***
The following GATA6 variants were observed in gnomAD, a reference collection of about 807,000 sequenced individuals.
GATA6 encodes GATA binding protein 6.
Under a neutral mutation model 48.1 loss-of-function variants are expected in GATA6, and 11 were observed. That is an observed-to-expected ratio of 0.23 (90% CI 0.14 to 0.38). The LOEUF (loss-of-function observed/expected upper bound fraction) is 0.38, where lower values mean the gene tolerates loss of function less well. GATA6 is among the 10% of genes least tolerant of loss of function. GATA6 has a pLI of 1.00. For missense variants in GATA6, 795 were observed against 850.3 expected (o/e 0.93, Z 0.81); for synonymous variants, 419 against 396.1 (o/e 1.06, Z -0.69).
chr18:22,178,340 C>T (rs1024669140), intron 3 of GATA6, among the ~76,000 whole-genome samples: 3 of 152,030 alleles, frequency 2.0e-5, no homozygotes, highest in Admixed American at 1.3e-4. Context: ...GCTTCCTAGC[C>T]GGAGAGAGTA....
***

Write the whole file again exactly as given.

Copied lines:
The following GATA6 variants were observed in gnomAD, a reference collection of about 807,000 sequenced individuals.
GATA6 encodes GATA binding protein 6.
Under a neutral mutation model 48.1 loss-of-function variants are expected in GATA6, and 11 were observed. That is an observed-to-expected ratio of 0.23 (90% CI 0.14 to 0.38). The LOEUF (loss-of-function observed/expected upper bound fraction) is 0.38, where lower values mean the gene tolerates loss of function less well. GATA6 is among the 10% of genes least tolerant of loss of function. GATA6 has a pLI of 1.00. For missense variants in GATA6, 795 were observed against 850.3 expected (o/e 0.93, Z 0.81); for synonymous variants, 419 against 396.1 (o/e 1.06, Z -0.69).
chr18:22,178,340 C>T (rs1024669140), intron 3 of GATA6, among the ~76,000 whole-genome samples: 3 of 152,030 alleles, frequency 2.0e-5, no homozygotes, highest in Admixed American at 1.3e-4. Context: ...GCTTCCTAGC[C>T]GGAGAGAGTA....